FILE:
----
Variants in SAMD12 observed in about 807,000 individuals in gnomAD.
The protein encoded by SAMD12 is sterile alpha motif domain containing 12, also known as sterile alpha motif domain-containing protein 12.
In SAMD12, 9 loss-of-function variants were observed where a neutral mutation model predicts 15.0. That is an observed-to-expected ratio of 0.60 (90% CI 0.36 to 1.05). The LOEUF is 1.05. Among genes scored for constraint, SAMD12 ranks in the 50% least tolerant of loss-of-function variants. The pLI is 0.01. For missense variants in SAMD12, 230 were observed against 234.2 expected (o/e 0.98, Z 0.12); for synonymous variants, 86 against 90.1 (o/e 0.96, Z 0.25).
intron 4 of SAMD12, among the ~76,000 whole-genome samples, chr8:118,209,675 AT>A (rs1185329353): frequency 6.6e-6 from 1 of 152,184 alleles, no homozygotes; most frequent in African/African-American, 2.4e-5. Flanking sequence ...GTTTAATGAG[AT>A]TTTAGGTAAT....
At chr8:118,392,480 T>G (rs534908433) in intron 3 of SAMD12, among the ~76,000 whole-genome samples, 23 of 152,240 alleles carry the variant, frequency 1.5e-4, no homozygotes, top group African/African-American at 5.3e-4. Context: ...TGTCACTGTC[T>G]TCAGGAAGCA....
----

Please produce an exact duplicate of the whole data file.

Variants in SAMD12 observed in about 807,000 individuals in gnomAD.
The protein encoded by SAMD12 is sterile alpha motif domain containing 12, also known as sterile alpha motif domain-containing protein 12.
In SAMD12, 9 loss-of-function variants were observed where a neutral mutation model predicts 15.0. That is an observed-to-expected ratio of 0.60 (90% CI 0.36 to 1.05). The LOEUF is 1.05. Among genes scored for constraint, SAMD12 ranks in the 50% least tolerant of loss-of-function variants. The pLI is 0.01. For missense variants in SAMD12, 230 were observed against 234.2 expected (o/e 0.98, Z 0.12); for synonymous variants, 86 against 90.1 (o/e 0.96, Z 0.25).
intron 4 of SAMD12, among the ~76,000 whole-genome samples, chr8:118,209,675 AT>A (rs1185329353): frequency 6.6e-6 from 1 of 152,184 alleles, no homozygotes; most frequent in African/African-American, 2.4e-5. Flanking sequence ...GTTTAATGAG[AT>A]TTTAGGTAAT....
At chr8:118,392,480 T>G (rs534908433) in intron 3 of SAMD12, among the ~76,000 whole-genome samples, 23 of 152,240 alleles carry the variant, frequency 1.5e-4, no homozygotes, top group African/African-American at 5.3e-4. Context: ...TGTCACTGTC[T>G]TCAGGAAGCA....